A new lawsuit alleges members of the New York Giants organization, including superstar quarterback Eli Manning, created a scheme to pass off fake memorabilia as game-used items. It states one of the frauds even made its way to the Hall of Fame.
Kaja Whitehouse of the New York Post reports on the claims made by prominent sports collector Eric Inselberg. An apparent e-mail exchange between Inselberg and Giants equipment manager Joe Skiba is used to back up the alleged misconduct:
"Hey Joe, my buddy was offered an eli game used helmet and jersey. Are these the bs ones eli asked you to make up because he didnt want to give up the real stuff?" Inselberg writes in the exchange.
Skiba—replying from account "firstname.lastname@example.org"—writes, "BS ones, you are correct…"
The suit names nine different defendants, highlighted by the Giants organization and Manning, but also includes the team's dry cleaner. It alleges Barry Barone was part of the scheme, using his shop to damage and then repair jerseys to make them appear used.
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Inselberg was previously in the news involving fake memorabilia in 2011. He was indicted for selling fake game-used jerseys, but the New York Post notes the case was dropped after his lawyers argued members of the Giants lied to cover up their own scam.
The new lawsuit expands on those initial claims to show what he believes is a patten of fraudulent actions by the Giants organization.
In Manning's case, the suit alleges the quarterback wanted to keep certain items such his Super Bowl helmets and select jerseys for himself. His helmet from the team's memorable 2008 triumph over the undefeated New England Patriots that made it to the Hall of Fame is allegedly fake.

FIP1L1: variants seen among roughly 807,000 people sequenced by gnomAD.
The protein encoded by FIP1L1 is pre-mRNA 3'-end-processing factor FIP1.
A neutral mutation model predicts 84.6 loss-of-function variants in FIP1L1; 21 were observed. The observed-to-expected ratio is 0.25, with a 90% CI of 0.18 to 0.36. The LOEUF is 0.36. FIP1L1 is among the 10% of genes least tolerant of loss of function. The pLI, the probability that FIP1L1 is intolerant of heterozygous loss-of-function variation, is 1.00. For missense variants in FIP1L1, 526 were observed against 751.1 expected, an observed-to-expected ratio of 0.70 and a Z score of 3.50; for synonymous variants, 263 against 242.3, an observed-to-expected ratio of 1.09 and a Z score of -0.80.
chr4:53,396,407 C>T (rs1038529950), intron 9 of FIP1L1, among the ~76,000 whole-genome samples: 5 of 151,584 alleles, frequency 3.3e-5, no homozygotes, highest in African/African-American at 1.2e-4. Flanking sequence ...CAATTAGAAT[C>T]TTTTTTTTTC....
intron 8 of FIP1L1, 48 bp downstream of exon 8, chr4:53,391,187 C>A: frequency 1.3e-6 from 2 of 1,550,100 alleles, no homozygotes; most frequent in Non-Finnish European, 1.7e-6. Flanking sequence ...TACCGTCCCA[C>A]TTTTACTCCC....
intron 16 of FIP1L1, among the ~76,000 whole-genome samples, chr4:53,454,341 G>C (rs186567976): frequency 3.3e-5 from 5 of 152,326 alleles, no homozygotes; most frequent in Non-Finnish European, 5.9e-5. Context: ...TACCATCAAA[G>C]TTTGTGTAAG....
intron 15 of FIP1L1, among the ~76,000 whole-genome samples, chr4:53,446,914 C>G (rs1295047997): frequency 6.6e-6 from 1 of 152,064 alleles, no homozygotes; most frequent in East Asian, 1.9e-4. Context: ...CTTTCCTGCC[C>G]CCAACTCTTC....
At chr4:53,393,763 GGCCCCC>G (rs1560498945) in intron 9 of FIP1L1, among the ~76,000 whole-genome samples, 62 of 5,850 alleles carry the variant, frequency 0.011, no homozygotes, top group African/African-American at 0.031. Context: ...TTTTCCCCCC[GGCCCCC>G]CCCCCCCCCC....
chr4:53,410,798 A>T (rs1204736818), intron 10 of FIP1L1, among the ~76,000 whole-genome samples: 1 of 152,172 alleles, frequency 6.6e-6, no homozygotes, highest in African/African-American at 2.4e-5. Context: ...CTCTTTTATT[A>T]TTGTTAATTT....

The suit claims the long-running scheme by the Giants would have been discovered during an FBI investigation if the individuals involved didn't band together against Inselberg. Per the report, the lawsuit states, "When the Government came knocking on the Giants' door, the response was a coverup that threw Inselberg under the bus to protect themselves and the team."
Paul Schwartz of the New York Post provided a statement from the Giants, who denied the claims had any basis of accuracy:
Giants statement on fake memorabilia lawsuit: "The suit is without merit whatsoever and we will defend it vigorously." #nyg— Paul Schwartz (@NYPost_Schwartz) January 30, 2014
Eli Manning also provided a statement on the lawsuit (via Ralph Vacchiano of the New York Daily News):
Eli Manning issued a statement on the memorabilia lawsuit he's facing: "The Giants told me this suit is completely without merit ...— Ralph Vacchiano (@RVacchianoNYDN) January 30, 2014
(Eli Manning continued) "... and I have no reason to believe otherwise. The Giants are going to fight it and so will I." #NYG— Ralph Vacchiano (@RVacchianoNYDN) January 30, 2014
Sports memorabilia is already brought under intense scrutiny because there's an immense effort to create realistic fakes to sell for major profit. Of course, that's usually believed to happen on the secondary market and not orchestrated by the teams or players themselves.
Whether the lawsuit will have any legs once it gets deep into the court system is unclear, but the Giants are seemingly ready to defend against the claims all the way through the process.